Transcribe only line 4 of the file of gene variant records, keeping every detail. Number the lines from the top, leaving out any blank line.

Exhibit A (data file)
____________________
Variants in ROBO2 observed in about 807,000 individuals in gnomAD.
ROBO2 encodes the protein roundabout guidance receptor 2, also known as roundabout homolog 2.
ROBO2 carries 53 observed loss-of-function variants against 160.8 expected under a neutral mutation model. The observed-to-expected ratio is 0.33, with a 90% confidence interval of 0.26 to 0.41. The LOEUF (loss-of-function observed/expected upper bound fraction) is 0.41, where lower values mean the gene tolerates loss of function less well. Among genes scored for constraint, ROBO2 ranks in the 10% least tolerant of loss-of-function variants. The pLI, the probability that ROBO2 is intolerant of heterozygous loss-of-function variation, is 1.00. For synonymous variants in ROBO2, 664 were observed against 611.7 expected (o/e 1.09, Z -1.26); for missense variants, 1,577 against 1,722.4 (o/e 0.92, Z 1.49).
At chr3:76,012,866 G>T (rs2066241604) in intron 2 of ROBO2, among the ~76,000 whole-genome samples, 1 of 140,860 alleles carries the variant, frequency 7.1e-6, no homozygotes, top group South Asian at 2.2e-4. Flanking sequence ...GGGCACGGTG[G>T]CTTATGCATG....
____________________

At chr3:76,012,866 G>T (rs2066241604) in intron 2 of ROBO2, among the ~76,000 whole-genome samples, 1 of 140,860 alleles carries the variant, frequency 7.1e-6, no homozygotes, top group South Asian at 2.2e-4. Flanking sequence ...GGGCACGGTG[G>T]CTTATGCATG....